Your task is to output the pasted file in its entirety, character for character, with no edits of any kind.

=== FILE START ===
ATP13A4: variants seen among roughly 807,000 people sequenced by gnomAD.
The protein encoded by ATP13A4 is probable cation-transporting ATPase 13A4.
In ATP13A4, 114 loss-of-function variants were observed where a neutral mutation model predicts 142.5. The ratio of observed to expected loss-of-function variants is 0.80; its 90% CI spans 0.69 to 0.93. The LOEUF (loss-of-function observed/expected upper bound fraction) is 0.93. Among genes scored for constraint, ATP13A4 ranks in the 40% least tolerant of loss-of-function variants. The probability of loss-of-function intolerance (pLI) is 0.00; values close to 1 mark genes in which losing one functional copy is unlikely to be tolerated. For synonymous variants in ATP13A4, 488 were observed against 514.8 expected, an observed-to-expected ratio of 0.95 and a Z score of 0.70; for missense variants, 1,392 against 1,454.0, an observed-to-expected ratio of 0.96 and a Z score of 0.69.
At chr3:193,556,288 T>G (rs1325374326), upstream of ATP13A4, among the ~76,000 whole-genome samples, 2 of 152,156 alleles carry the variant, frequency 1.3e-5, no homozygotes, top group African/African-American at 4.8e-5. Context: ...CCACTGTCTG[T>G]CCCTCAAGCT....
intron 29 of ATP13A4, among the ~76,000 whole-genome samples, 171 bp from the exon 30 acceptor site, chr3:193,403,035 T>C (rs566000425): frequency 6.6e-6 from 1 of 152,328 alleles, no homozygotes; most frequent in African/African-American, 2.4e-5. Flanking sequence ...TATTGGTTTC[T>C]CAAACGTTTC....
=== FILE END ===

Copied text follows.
ATP13A4: variants seen among roughly 807,000 people sequenced by gnomAD.
The protein encoded by ATP13A4 is probable cation-transporting ATPase 13A4.
In ATP13A4, 114 loss-of-function variants were observed where a neutral mutation model predicts 142.5. The ratio of observed to expected loss-of-function variants is 0.80; its 90% CI spans 0.69 to 0.93. The LOEUF (loss-of-function observed/expected upper bound fraction) is 0.93. Among genes scored for constraint, ATP13A4 ranks in the 40% least tolerant of loss-of-function variants. The probability of loss-of-function intolerance (pLI) is 0.00; values close to 1 mark genes in which losing one functional copy is unlikely to be tolerated. For synonymous variants in ATP13A4, 488 were observed against 514.8 expected, an observed-to-expected ratio of 0.95 and a Z score of 0.70; for missense variants, 1,392 against 1,454.0, an observed-to-expected ratio of 0.96 and a Z score of 0.69.
At chr3:193,556,288 T>G (rs1325374326), upstream of ATP13A4, among the ~76,000 whole-genome samples, 2 of 152,156 alleles carry the variant, frequency 1.3e-5, no homozygotes, top group African/African-American at 4.8e-5. Context: ...CCACTGTCTG[T>G]CCCTCAAGCT....
intron 29 of ATP13A4, among the ~76,000 whole-genome samples, 171 bp from the exon 30 acceptor site, chr3:193,403,035 T>C (rs566000425): frequency 6.6e-6 from 1 of 152,328 alleles, no homozygotes; most frequent in African/African-American, 2.4e-5. Flanking sequence ...TATTGGTTTC[T>C]CAAACGTTTC....